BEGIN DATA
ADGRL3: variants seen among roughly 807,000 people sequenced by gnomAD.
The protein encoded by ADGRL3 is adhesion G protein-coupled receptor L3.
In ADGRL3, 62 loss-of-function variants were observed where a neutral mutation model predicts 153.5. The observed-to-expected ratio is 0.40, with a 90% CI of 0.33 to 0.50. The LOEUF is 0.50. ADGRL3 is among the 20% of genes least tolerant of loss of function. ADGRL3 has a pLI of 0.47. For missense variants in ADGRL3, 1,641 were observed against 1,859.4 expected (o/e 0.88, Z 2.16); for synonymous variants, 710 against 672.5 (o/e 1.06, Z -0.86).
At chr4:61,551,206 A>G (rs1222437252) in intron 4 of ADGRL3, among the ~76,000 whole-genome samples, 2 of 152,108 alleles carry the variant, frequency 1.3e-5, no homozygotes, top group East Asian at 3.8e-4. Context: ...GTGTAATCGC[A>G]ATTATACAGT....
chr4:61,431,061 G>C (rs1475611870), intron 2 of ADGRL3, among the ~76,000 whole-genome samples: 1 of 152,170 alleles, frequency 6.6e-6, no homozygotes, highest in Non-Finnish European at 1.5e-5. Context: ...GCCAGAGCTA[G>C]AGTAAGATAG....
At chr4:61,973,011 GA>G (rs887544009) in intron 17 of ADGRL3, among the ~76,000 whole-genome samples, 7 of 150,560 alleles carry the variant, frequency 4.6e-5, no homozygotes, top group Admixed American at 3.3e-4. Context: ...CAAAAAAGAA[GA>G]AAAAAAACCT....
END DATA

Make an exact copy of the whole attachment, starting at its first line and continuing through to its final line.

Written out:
ADGRL3: variants seen among roughly 807,000 people sequenced by gnomAD.
The protein encoded by ADGRL3 is adhesion G protein-coupled receptor L3.
In ADGRL3, 62 loss-of-function variants were observed where a neutral mutation model predicts 153.5. The observed-to-expected ratio is 0.40, with a 90% CI of 0.33 to 0.50. The LOEUF is 0.50. ADGRL3 is among the 20% of genes least tolerant of loss of function. ADGRL3 has a pLI of 0.47. For missense variants in ADGRL3, 1,641 were observed against 1,859.4 expected (o/e 0.88, Z 2.16); for synonymous variants, 710 against 672.5 (o/e 1.06, Z -0.86).
At chr4:61,551,206 A>G (rs1222437252) in intron 4 of ADGRL3, among the ~76,000 whole-genome samples, 2 of 152,108 alleles carry the variant, frequency 1.3e-5, no homozygotes, top group East Asian at 3.8e-4. Context: ...GTGTAATCGC[A>G]ATTATACAGT....
chr4:61,431,061 G>C (rs1475611870), intron 2 of ADGRL3, among the ~76,000 whole-genome samples: 1 of 152,170 alleles, frequency 6.6e-6, no homozygotes, highest in Non-Finnish European at 1.5e-5. Context: ...GCCAGAGCTA[G>C]AGTAAGATAG....
At chr4:61,973,011 GA>G (rs887544009) in intron 17 of ADGRL3, among the ~76,000 whole-genome samples, 7 of 150,560 alleles carry the variant, frequency 4.6e-5, no homozygotes, top group Admixed American at 3.3e-4. Context: ...CAAAAAAGAA[GA>G]AAAAAAACCT....